Parts of public sector 'not ready' for no-deal Brexit

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Some parts of the Welsh public sector have only made limited plans for a potential no-deal Brexit, a public spending watchdog has warned.

The Wales Audit Office (WAO) said councils in particular have not spent money because of the political uncertainty.

Risks highlighted by public bodies include the disruption of food supplies to hospitals, schools and care homes.

The WAO said uncertainty was not an excuse for inaction.

Brexit is due to take place in five weeks.

The UK government has recognised that there may be disruption to the supply of some fresh food from the continent if a no-deal Brexit leads to delays at ports and airports.

In a report, the WAO watchdog said many public sector bodies "are struggling to find the dedicated capacity" to plan for Brexit.

For example, the Welsh Government has created 198 new posts to work on Brexit, but in many cases those roles have been filled by existing staff.

However, the WAO said the public sector was taking no-deal Brexit planning "seriously" with preparations having ramped up "significantly" since last summer.

Among the report's findings:

  • Only a minority of councils have clear plans to deal with the risks they have identified
  • Planning for potential food shortages is accelerating, with some bodies reviewing their supply chains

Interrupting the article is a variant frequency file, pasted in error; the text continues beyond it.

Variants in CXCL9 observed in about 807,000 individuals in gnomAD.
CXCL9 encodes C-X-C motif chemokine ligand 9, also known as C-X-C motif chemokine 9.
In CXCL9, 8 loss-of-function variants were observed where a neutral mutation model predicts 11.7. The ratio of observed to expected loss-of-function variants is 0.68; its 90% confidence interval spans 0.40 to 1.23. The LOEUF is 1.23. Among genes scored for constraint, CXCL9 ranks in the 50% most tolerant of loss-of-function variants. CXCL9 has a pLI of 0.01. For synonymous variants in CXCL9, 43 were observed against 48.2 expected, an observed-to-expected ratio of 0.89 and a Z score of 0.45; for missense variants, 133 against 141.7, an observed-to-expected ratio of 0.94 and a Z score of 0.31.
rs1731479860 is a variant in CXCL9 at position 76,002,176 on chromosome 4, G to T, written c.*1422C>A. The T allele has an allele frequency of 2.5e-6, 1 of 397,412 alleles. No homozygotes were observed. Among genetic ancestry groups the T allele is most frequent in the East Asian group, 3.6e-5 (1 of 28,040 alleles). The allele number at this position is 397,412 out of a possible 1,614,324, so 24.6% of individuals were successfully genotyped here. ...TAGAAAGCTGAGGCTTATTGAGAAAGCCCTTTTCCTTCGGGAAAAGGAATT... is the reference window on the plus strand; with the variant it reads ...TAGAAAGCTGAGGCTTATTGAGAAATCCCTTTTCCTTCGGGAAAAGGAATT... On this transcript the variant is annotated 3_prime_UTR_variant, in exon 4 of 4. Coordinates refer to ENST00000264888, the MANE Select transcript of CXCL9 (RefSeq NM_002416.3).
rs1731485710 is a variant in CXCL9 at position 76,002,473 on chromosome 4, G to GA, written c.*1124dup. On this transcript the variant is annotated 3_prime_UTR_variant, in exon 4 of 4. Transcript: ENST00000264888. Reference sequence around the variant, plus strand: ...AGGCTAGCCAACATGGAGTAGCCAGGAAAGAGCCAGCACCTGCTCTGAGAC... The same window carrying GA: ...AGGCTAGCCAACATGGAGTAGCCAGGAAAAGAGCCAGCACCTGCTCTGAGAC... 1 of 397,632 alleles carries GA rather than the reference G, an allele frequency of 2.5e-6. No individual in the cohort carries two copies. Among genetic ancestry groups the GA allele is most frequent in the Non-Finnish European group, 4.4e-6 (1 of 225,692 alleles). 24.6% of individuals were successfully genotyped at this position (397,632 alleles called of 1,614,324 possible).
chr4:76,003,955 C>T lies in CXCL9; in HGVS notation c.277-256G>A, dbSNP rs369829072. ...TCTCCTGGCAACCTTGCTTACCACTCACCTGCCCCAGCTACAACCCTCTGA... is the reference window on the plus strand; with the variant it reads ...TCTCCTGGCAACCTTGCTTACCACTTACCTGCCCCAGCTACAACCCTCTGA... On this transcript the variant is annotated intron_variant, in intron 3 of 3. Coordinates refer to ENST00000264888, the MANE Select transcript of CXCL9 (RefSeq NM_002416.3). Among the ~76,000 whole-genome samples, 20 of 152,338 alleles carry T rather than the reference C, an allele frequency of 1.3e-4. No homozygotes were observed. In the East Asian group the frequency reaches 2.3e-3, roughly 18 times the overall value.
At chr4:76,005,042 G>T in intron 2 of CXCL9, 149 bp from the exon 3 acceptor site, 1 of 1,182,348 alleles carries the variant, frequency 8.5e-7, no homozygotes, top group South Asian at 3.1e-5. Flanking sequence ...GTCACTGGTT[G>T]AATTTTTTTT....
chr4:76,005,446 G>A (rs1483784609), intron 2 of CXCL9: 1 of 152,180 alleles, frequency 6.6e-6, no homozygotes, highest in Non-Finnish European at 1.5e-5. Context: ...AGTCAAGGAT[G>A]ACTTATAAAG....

• Some NHS bodies said they had discovered opportunities to make their supply chains more efficient
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Most public bodies think potential workforce issues relating to EU nationals are more "medium to long-term" rather than there being a risk of staff suddenly leaving immediately.

The auditor general Adrian Crompton said it was not possible to fully reduce the potential impact of a no-deal Brexit.

He added: "So, necessarily members of the public, parts of industry and wider society will notice an effect if we leave the EU without a deal.

"But I can give assurance that the public sector in Wales is heavily focussed on preparing for that eventuality and for managing the implications as best they can.

"Inevitably I think in some parts of the public sector there has been some reticence to commit resources when uncertainty still existed."

The report is a "high-level overview" of the no-deal Brexit plans rather than an in-depth examination of the "quality and effectiveness of those arrangements".

All of the public sector bodies in Wales, including health boards, councils and fire authorities, contributed to the WAO's report.